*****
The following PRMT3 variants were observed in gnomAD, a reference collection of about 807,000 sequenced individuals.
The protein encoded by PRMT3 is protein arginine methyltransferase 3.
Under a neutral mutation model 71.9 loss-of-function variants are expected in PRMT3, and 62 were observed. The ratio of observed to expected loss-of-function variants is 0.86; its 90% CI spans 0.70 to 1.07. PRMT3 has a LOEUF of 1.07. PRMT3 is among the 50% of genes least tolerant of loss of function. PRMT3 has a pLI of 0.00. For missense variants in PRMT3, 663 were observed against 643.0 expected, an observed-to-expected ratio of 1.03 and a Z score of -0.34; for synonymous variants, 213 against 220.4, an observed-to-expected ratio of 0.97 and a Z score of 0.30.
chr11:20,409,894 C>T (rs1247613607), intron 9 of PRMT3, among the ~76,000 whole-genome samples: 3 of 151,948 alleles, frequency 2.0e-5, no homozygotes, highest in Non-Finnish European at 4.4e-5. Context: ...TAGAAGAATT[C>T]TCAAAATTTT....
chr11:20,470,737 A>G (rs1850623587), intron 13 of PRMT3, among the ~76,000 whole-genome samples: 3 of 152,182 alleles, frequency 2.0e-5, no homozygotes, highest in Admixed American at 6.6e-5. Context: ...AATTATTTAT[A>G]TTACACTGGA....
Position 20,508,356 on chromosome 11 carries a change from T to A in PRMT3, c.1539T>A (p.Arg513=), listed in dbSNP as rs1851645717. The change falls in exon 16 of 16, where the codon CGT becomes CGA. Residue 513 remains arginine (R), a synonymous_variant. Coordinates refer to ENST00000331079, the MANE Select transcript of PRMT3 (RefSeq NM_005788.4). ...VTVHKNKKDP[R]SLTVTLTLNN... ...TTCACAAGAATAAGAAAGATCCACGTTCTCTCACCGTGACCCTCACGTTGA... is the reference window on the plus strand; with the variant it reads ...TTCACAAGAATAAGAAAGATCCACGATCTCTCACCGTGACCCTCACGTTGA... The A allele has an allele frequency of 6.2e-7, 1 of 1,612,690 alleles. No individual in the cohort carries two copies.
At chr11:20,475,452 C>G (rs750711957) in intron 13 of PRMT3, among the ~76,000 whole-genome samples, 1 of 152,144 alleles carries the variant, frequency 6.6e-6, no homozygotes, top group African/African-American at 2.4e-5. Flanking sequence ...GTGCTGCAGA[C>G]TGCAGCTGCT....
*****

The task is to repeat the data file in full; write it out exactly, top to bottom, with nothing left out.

The following PRMT3 variants were observed in gnomAD, a reference collection of about 807,000 sequenced individuals.
The protein encoded by PRMT3 is protein arginine methyltransferase 3.
Under a neutral mutation model 71.9 loss-of-function variants are expected in PRMT3, and 62 were observed. The ratio of observed to expected loss-of-function variants is 0.86; its 90% CI spans 0.70 to 1.07. PRMT3 has a LOEUF of 1.07. PRMT3 is among the 50% of genes least tolerant of loss of function. PRMT3 has a pLI of 0.00. For missense variants in PRMT3, 663 were observed against 643.0 expected, an observed-to-expected ratio of 1.03 and a Z score of -0.34; for synonymous variants, 213 against 220.4, an observed-to-expected ratio of 0.97 and a Z score of 0.30.
chr11:20,409,894 C>T (rs1247613607), intron 9 of PRMT3, among the ~76,000 whole-genome samples: 3 of 151,948 alleles, frequency 2.0e-5, no homozygotes, highest in Non-Finnish European at 4.4e-5. Context: ...TAGAAGAATT[C>T]TCAAAATTTT....
chr11:20,470,737 A>G (rs1850623587), intron 13 of PRMT3, among the ~76,000 whole-genome samples: 3 of 152,182 alleles, frequency 2.0e-5, no homozygotes, highest in Admixed American at 6.6e-5. Context: ...AATTATTTAT[A>G]TTACACTGGA....
Position 20,508,356 on chromosome 11 carries a change from T to A in PRMT3, c.1539T>A (p.Arg513=), listed in dbSNP as rs1851645717. The change falls in exon 16 of 16, where the codon CGT becomes CGA. Residue 513 remains arginine (R), a synonymous_variant. Coordinates refer to ENST00000331079, the MANE Select transcript of PRMT3 (RefSeq NM_005788.4). ...VTVHKNKKDP[R]SLTVTLTLNN... ...TTCACAAGAATAAGAAAGATCCACGTTCTCTCACCGTGACCCTCACGTTGA... is the reference window on the plus strand; with the variant it reads ...TTCACAAGAATAAGAAAGATCCACGATCTCTCACCGTGACCCTCACGTTGA... The A allele has an allele frequency of 6.2e-7, 1 of 1,612,690 alleles. No individual in the cohort carries two copies.
At chr11:20,475,452 C>G (rs750711957) in intron 13 of PRMT3, among the ~76,000 whole-genome samples, 1 of 152,144 alleles carries the variant, frequency 6.6e-6, no homozygotes, top group African/African-American at 2.4e-5. Flanking sequence ...GTGCTGCAGA[C>G]TGCAGCTGCT....